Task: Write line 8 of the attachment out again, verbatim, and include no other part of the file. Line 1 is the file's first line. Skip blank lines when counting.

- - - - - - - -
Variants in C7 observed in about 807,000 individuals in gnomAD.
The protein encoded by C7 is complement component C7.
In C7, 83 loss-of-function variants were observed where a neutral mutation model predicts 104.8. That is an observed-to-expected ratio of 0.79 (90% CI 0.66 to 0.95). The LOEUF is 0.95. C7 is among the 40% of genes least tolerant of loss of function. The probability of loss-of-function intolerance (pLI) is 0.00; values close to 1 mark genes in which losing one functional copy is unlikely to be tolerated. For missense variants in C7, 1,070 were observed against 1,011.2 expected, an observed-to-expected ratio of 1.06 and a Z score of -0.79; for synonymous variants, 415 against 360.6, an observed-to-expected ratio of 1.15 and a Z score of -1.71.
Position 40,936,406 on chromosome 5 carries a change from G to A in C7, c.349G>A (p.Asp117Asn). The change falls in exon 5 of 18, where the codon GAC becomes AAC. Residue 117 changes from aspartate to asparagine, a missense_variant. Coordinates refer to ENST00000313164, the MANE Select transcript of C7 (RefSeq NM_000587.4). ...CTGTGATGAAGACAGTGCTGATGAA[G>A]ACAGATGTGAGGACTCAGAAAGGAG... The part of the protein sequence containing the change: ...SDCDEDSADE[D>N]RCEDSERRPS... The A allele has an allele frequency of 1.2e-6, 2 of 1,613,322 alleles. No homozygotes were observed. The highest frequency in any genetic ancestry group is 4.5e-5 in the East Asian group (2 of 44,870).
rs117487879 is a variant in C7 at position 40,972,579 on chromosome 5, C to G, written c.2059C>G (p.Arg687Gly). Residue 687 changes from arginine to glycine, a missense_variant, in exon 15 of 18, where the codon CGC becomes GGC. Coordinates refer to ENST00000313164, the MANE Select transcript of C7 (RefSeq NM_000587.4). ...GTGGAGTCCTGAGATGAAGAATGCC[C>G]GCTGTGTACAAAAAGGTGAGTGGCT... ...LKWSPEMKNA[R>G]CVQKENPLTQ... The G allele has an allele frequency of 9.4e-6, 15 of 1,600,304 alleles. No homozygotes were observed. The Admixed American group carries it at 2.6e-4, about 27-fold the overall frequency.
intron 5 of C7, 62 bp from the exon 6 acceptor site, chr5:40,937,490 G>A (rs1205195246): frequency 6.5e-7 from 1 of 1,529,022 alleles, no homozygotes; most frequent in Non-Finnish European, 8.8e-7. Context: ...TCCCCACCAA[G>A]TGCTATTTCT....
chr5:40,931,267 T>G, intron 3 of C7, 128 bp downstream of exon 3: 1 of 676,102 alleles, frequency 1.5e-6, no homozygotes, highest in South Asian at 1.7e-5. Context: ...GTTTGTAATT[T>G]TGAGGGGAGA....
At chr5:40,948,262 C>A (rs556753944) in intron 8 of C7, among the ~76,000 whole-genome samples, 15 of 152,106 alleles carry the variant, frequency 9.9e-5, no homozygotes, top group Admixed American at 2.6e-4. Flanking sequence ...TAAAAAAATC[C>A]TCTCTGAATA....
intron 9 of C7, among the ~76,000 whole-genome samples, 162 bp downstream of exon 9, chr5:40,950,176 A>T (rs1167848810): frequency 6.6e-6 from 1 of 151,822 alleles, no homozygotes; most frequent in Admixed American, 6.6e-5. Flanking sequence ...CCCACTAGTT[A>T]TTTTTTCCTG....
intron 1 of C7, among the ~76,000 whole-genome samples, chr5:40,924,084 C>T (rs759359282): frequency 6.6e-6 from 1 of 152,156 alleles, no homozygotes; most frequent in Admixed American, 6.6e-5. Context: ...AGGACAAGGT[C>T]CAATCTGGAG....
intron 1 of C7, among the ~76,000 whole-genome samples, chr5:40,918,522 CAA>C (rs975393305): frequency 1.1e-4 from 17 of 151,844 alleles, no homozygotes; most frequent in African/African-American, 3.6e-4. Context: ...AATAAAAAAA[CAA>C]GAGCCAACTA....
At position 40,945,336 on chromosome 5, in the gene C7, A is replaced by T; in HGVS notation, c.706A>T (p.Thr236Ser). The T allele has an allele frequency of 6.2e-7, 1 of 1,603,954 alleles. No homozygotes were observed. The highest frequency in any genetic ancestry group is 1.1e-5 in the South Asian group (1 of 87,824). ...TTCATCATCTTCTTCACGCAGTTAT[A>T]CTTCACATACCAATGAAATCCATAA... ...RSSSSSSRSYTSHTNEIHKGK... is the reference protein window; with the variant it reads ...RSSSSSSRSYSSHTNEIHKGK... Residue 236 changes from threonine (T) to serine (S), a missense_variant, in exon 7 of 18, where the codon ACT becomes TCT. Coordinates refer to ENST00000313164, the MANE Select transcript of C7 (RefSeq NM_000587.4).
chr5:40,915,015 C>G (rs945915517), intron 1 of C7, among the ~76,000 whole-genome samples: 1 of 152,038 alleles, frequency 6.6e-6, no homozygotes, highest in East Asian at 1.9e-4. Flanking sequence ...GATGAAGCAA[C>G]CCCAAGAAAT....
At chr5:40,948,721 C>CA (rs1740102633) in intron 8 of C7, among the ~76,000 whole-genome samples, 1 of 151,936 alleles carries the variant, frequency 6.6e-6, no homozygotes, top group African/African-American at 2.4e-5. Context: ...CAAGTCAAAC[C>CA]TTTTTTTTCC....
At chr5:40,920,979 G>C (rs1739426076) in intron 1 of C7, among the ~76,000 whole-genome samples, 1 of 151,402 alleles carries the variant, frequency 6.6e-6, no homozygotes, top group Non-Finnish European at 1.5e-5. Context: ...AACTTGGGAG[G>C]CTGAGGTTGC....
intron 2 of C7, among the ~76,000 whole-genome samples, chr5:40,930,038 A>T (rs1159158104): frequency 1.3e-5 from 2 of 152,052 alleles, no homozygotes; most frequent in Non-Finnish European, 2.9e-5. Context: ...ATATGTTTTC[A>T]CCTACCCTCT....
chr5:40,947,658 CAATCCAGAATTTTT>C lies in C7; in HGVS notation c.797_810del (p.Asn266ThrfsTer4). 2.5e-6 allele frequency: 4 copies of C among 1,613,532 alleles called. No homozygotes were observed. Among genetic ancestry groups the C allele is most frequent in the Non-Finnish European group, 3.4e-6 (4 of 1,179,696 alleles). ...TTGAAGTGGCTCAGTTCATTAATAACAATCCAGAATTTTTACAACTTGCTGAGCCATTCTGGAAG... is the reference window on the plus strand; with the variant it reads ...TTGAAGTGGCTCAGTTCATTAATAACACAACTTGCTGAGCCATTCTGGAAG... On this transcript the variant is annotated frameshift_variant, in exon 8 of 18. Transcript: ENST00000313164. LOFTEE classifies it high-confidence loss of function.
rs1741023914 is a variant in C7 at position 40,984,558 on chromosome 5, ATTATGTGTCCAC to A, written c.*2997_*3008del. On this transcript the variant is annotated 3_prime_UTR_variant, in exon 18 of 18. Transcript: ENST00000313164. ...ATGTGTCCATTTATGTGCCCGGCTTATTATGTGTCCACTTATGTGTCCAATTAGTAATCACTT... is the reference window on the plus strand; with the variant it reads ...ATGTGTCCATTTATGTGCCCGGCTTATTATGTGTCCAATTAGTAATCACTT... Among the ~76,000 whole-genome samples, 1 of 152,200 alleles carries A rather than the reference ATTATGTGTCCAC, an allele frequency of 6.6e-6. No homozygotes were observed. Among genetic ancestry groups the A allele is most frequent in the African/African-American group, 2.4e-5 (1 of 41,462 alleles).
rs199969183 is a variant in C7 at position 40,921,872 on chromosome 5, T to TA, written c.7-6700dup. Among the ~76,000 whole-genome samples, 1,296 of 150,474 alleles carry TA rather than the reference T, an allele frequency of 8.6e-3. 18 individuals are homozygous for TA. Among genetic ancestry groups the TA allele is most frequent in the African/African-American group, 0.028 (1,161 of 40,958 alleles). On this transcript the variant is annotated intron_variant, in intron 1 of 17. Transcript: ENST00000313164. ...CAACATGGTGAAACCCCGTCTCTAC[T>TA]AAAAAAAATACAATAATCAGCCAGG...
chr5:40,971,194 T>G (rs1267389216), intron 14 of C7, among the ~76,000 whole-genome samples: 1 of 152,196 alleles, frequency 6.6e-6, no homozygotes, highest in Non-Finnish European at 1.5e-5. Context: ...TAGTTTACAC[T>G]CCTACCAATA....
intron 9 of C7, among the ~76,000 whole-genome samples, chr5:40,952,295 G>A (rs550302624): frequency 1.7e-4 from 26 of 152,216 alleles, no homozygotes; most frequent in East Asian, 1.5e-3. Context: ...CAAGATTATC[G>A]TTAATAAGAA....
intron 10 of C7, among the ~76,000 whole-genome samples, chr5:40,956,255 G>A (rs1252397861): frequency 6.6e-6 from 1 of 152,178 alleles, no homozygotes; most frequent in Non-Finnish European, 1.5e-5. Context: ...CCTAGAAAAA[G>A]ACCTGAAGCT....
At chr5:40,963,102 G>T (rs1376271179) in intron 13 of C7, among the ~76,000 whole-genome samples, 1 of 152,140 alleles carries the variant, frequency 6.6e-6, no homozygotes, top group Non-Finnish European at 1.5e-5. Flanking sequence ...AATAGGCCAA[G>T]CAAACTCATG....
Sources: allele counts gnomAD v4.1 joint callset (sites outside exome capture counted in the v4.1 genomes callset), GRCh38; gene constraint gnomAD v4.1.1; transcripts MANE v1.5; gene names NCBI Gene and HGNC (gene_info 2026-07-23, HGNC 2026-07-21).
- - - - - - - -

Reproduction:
At chr5:40,948,262 C>A (rs556753944) in intron 8 of C7, among the ~76,000 whole-genome samples, 15 of 152,106 alleles carry the variant, frequency 9.9e-5, no homozygotes, top group Admixed American at 2.6e-4. Flanking sequence ...TAAAAAAATC[C>A]TCTCTGAATA....